Photographic method to measure tumor dimensions

Photography set-up for mice in laminar hood.

The measurement of tumor dimensions with photographs requires a set-up with known distances from the camera to the mouse skin and reference scale-bars, as well as an environment that keeps the mouse calm for few minutes to take the pictures of the tumors (Fig 1A). We used a laminar flow cabinet open on both sides for the ease of operations by two persons standing on either side of the cabinet. The cabinet was illuminated with diffused light from a top fluorescent lamp and two 5000 K fluorescent tubes from the sides. We designed a stand that permitted the camera to be steadily positioned so that the lens of the camera was exactly 130 mm above the frosted glass plate that was placed in the cabinet on top of a black paper and two rulers that would flank the mouse in the picture (Fig 1B). Since mouse becomes restless on the glass that does not provide any grip for their paws, we affixed a broad grid fabric tape on which mouse could obtain a secure grip and remain steady for the duration of the photography session. We used a reflex Canon EOS Rebel T5 camera equipped with a Canon EFS 24 mm lens having a fixed focal length and took all the pictures without flash. To avoid shaking the camera or alarming the mouse with hand movement, the pictures were taken using a commercially available remote shutter control cable for the camera.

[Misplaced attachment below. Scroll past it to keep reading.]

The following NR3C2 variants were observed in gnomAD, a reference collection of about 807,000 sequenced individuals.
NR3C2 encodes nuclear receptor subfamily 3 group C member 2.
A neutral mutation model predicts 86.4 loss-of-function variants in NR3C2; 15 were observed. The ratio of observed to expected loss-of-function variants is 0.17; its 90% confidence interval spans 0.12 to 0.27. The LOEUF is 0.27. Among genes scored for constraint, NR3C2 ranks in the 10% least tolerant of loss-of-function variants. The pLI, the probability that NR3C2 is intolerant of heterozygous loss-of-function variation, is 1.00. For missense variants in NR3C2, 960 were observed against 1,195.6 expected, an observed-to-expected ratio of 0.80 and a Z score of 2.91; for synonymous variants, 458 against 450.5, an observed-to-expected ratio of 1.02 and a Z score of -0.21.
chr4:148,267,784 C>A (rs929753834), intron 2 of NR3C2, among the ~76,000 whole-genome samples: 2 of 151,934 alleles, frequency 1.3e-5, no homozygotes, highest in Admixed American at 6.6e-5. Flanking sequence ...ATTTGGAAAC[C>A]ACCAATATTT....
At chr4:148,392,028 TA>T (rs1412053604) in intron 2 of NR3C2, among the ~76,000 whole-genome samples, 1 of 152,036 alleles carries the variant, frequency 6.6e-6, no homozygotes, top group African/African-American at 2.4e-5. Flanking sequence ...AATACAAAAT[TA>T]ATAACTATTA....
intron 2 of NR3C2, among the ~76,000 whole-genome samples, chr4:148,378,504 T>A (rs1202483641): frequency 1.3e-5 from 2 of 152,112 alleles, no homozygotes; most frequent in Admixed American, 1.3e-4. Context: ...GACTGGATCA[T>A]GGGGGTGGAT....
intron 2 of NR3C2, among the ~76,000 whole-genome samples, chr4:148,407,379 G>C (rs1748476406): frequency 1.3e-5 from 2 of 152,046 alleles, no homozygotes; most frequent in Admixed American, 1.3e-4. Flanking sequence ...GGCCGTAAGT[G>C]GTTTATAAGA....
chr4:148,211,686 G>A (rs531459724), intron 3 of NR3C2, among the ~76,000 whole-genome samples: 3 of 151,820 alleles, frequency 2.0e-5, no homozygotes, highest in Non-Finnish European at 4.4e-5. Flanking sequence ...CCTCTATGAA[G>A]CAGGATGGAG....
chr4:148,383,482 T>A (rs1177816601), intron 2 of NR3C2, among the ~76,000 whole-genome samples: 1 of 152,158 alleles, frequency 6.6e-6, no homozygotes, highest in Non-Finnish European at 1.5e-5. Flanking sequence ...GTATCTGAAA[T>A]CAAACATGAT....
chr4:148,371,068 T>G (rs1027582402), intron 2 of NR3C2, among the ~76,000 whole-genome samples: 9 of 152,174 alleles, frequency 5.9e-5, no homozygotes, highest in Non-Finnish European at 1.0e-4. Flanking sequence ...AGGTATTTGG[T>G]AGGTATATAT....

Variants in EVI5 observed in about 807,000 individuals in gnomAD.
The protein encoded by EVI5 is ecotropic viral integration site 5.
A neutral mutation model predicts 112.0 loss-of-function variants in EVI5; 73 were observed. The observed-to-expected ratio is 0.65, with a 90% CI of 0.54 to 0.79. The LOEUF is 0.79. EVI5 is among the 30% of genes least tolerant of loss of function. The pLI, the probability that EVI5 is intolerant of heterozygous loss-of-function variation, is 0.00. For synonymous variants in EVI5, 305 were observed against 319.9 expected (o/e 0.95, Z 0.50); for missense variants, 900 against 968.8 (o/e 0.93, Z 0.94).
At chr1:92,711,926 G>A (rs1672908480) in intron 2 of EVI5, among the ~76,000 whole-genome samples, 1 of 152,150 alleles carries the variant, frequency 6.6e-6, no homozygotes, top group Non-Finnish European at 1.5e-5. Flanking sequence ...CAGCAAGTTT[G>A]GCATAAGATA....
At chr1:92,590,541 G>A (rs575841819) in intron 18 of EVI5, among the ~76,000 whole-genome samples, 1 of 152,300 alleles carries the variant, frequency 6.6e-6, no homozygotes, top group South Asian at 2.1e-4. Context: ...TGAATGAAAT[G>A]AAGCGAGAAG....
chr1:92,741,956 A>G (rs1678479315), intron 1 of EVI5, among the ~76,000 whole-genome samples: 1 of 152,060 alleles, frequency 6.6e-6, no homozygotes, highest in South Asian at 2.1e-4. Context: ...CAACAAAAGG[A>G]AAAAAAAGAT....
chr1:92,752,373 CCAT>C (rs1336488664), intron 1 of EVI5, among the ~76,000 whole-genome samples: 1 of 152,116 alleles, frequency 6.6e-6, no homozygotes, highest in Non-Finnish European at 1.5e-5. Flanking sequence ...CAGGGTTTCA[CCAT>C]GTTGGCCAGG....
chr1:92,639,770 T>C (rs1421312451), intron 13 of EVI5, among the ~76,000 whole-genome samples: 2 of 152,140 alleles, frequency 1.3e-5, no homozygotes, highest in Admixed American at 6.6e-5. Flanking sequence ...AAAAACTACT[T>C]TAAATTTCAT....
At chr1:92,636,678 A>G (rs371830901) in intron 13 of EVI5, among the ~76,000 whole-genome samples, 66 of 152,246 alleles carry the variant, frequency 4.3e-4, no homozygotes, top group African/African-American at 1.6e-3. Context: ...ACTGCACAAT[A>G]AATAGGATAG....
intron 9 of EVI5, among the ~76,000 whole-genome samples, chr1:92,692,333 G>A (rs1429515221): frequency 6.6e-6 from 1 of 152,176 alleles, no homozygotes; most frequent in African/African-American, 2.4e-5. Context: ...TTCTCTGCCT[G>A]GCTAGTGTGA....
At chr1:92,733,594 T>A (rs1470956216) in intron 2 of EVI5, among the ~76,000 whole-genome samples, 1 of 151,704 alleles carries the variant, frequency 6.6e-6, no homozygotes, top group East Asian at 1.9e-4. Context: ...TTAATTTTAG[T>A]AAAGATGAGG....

Fig 1. The optimized photography set-up for imaging mice.

(A) The photography set-up. In a laminar flow cabinet with dual opening (a), illuminated by two additional fluorescent lights on the side (b), mice were placed one at a time on a frosted glass plate with a broad-grid fabric tape that was positioned above black paper and two scale bars (c). The remote shutter controlled camera (d) was positioned 130 mm above the glass plate on a telescopic support (e). (B) Representation of the imaging set-up with distances. The camera lens (O) was placed 130 mm above the glass plate, which resulted in a height difference of 26 mm between the scale bar below the glass plate (BD) and tumor (AC) on the dorsal skin of the mouse from the camera lens. The length or width dimension of the tumor (AC) was calculated using Thales’ theorem to determine the scale factor of OA/OB = 0.8 = AC/BD. Since tumors were distributed broadly over the dorsal skin of the mouse, each tumor was carefully calibrated against the nearest portion of the scale bar for better accuracy of measurement. For example, the tumors in EC region of the skin were calibrated against FD segment of the scale.